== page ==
Bommarillu Baskar’s Most Eligible Bachelor wants to be both a family entertainer and a film with youth appeal. It speaks for considering the desires of one’s family and the need for togetherness on one hand, while also asking us to embrace the hero’s individualism on the other. In oscillating between the two, the film doesn’t find its home in either.
Romantic comedy is a fraught genre because there is little one can do to be surprising or unpredictable — after all, the leads need to live happily ever after in the end. Even by those standards, Baskar’s writing is stale. The opening credits are rolled alongside married-couples-are-unhappy-individuals jokes. Take this, for instance: Adhrushtam unna vallani emi antaru? Unmarried antaru! (What do you call a lucky person? You call them unmarried!).
If we’re not already prepared for what to expect, we soon meet Harsha (Akhil Akkineni) who narrates his story to a couple that accidentally hits him with their car. He has a great job in the U.S., a big salary, big house, a big set of friends and most of all a respectable family. All of this makes him the most eligible bachelor and every woman back in India is expected to be pining over him. The film isn’t going for subtlety — Harsha repeats that over and over again in the first sequence.
He comes to India for twenty days with all the arrangements for his wedding in place except, naturally, the bride. The pellichoopulu (bride-seeing ceremonies) begins. He just needs one thing from his prospective wife: Will she adjust her lifestyle to his? To test women, he asks questions ranging from “whose parents will you take care of better?” to “who will take care of our child if we are both busy?” There are some jokes here and there, but the film is steadfastly on Harsha’s side.
In this process, Harsha meets Vibha (Pooja Hegde), a free spirited standup comedian whose views on marriage are very different from his. She says audacious things like wanting to actually know the person she wishes to marry and expects her marriage to have love and romance. To her, Harsha is not an eligible bachelor at all. To no one’s surprise, Harsha falls in love with Vibha. The rest is cliche-filled and tiresome.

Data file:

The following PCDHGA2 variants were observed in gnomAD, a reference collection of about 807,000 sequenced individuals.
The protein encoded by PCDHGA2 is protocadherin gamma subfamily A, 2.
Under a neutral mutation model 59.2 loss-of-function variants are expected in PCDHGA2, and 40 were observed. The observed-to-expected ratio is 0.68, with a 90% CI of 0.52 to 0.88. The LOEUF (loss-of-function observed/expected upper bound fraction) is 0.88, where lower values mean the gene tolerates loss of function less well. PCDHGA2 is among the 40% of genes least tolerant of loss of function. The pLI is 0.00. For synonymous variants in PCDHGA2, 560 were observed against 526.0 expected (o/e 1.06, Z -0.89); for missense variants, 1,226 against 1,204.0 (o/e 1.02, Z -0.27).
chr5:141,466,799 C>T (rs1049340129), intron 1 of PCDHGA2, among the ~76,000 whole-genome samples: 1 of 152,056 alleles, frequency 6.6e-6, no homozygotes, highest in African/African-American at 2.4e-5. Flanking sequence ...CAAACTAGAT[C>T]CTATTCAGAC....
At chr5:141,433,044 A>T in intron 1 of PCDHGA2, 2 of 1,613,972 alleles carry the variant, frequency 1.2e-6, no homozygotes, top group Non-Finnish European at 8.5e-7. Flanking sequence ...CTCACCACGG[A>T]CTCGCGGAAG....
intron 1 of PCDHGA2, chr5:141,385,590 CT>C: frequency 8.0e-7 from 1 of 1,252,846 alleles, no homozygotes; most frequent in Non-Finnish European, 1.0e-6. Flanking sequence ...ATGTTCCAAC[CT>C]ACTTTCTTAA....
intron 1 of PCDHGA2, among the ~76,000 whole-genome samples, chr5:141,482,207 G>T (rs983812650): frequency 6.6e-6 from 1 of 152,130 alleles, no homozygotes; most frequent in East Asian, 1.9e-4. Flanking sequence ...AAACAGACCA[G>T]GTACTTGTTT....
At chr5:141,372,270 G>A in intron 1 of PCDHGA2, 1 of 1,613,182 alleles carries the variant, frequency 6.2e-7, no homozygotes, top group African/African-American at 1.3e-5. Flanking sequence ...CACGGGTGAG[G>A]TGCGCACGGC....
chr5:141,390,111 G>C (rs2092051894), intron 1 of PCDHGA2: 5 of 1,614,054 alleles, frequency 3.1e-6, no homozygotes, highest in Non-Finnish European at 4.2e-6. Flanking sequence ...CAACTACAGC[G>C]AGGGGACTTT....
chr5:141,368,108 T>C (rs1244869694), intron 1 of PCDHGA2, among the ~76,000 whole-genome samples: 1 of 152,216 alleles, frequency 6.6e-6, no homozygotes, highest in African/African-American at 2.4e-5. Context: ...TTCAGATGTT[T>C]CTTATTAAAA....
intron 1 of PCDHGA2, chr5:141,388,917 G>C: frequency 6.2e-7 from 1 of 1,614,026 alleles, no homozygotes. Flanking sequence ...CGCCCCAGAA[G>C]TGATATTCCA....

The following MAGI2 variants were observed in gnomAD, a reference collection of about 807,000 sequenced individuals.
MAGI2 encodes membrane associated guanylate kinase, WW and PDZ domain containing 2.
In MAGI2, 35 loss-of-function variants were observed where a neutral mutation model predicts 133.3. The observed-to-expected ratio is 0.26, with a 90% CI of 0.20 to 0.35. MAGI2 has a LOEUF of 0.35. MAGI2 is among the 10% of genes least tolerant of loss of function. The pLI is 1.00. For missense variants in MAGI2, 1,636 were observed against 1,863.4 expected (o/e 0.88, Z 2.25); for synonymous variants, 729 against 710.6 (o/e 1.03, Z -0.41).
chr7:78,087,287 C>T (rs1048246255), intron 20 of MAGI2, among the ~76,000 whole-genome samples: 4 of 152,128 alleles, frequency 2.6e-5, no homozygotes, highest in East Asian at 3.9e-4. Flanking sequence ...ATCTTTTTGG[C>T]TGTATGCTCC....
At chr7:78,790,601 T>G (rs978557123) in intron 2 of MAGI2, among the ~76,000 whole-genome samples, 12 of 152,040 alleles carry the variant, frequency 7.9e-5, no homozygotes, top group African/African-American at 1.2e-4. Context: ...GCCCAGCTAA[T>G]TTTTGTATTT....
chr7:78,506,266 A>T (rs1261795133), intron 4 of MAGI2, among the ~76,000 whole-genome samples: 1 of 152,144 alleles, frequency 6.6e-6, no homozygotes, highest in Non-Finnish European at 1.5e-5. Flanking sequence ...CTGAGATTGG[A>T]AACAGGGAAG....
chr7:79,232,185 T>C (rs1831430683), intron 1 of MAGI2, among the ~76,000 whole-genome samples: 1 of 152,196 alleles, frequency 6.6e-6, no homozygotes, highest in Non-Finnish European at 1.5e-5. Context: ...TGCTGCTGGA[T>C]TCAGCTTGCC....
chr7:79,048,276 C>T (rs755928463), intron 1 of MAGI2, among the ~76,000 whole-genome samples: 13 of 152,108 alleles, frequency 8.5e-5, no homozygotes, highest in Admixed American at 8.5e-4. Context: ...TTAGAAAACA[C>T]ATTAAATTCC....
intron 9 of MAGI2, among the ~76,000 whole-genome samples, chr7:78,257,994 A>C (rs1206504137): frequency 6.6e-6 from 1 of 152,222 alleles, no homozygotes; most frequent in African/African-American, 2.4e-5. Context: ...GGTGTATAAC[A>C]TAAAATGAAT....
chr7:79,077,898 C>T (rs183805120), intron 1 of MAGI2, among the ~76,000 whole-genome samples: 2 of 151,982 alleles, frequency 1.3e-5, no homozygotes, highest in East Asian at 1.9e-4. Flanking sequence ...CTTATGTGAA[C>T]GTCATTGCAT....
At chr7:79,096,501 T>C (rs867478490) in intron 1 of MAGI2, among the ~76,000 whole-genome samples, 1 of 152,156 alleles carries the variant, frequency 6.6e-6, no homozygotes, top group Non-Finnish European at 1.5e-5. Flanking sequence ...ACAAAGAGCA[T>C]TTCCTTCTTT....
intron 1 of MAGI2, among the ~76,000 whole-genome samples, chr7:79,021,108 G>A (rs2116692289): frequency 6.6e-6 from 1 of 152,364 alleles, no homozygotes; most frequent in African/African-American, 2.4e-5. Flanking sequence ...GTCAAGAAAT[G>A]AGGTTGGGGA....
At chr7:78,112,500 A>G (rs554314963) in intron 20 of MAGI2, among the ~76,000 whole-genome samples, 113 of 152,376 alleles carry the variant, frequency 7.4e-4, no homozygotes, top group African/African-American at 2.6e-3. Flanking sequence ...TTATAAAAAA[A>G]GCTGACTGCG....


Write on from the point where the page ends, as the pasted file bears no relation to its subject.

For example, the stalker-turns-lover cliche: Vibha who is initially annoyed at Harsha, a stranger stalking her, becomes impressed when he chases away goons at a film theater, and later beats up a man who tries to assault her. There’s the men-will-tell-women-what-to-do cliche: At one point, Harsha promises Vibha’s mother that she will return home when she, in fact, has left out of her own volition. There is even a backhanded trial of a woman’s character while we’re watching the man stand in court.
The problem isn’t so much that these scenes/cliches exist but that they go entirely unquestioned. Vibha ends up falling in love with her stalker. She ends up listening to men telling her what to do. The film wants us to think that Harsha’s redemption is in embracing Vibha’s individualism, but it doesn’t quite work out that way.
To be fair, the director does put Harsha through a period of internal conflict and soul searching. His ideas of marriage are questioned. In a montage over several months, he becomes a person who enjoys life more. He begins to think that there might be more to a marriage than simply making a family. But even then, his agenda is still to get married and make a family. Just this time, more happily.
Beyond Harsha and Vibha, there is little going on in the film. In fact, we don’t even understand much about why they are the way they are. The film expects us to take them at face value, without empathising with their story. It doesn’t explore the idea of marriage beyond the one-line: family vs. romance. Even in that, it does nothing new. The filmmaking is so stale that we get fast-cuts to reactions and speeding up of frames to evoke laughter.
Most Eligible Bachelor is old wine in an older bottle. Even with that call-back to Bommarillu in the end, Most Eligible Bachelor has nothing redeemable about it. It strings together tedious cliches and dated ideas to say next to nothing.